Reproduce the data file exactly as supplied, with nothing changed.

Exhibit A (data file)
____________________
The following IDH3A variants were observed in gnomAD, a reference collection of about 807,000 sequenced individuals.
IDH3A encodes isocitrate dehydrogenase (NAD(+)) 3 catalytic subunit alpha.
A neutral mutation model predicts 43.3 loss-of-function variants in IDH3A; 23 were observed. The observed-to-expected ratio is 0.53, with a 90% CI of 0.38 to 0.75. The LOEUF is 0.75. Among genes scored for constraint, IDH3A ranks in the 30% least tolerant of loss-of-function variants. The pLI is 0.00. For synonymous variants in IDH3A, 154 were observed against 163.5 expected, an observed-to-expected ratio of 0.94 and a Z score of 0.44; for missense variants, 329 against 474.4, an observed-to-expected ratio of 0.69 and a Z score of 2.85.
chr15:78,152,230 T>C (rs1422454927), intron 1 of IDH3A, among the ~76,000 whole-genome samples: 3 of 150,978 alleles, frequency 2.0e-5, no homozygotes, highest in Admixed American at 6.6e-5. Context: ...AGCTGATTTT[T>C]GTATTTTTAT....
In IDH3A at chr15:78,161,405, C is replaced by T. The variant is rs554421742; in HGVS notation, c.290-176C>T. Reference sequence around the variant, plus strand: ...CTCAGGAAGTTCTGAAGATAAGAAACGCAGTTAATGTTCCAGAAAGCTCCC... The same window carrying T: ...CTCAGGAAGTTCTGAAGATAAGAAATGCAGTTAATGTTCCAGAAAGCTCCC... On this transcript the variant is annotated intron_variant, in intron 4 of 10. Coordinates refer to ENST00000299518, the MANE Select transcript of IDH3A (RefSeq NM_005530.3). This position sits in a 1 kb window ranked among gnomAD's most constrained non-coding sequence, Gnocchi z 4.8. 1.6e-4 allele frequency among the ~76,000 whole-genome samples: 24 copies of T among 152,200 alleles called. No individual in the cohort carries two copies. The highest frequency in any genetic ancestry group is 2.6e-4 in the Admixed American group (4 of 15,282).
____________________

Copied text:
The following IDH3A variants were observed in gnomAD, a reference collection of about 807,000 sequenced individuals.
IDH3A encodes isocitrate dehydrogenase (NAD(+)) 3 catalytic subunit alpha.
A neutral mutation model predicts 43.3 loss-of-function variants in IDH3A; 23 were observed. The observed-to-expected ratio is 0.53, with a 90% CI of 0.38 to 0.75. The LOEUF is 0.75. Among genes scored for constraint, IDH3A ranks in the 30% least tolerant of loss-of-function variants. The pLI is 0.00. For synonymous variants in IDH3A, 154 were observed against 163.5 expected, an observed-to-expected ratio of 0.94 and a Z score of 0.44; for missense variants, 329 against 474.4, an observed-to-expected ratio of 0.69 and a Z score of 2.85.
chr15:78,152,230 T>C (rs1422454927), intron 1 of IDH3A, among the ~76,000 whole-genome samples: 3 of 150,978 alleles, frequency 2.0e-5, no homozygotes, highest in Admixed American at 6.6e-5. Context: ...AGCTGATTTT[T>C]GTATTTTTAT....
In IDH3A at chr15:78,161,405, C is replaced by T. The variant is rs554421742; in HGVS notation, c.290-176C>T. Reference sequence around the variant, plus strand: ...CTCAGGAAGTTCTGAAGATAAGAAACGCAGTTAATGTTCCAGAAAGCTCCC... The same window carrying T: ...CTCAGGAAGTTCTGAAGATAAGAAATGCAGTTAATGTTCCAGAAAGCTCCC... On this transcript the variant is annotated intron_variant, in intron 4 of 10. Coordinates refer to ENST00000299518, the MANE Select transcript of IDH3A (RefSeq NM_005530.3). This position sits in a 1 kb window ranked among gnomAD's most constrained non-coding sequence, Gnocchi z 4.8. 1.6e-4 allele frequency among the ~76,000 whole-genome samples: 24 copies of T among 152,200 alleles called. No individual in the cohort carries two copies. The highest frequency in any genetic ancestry group is 2.6e-4 in the Admixed American group (4 of 15,282).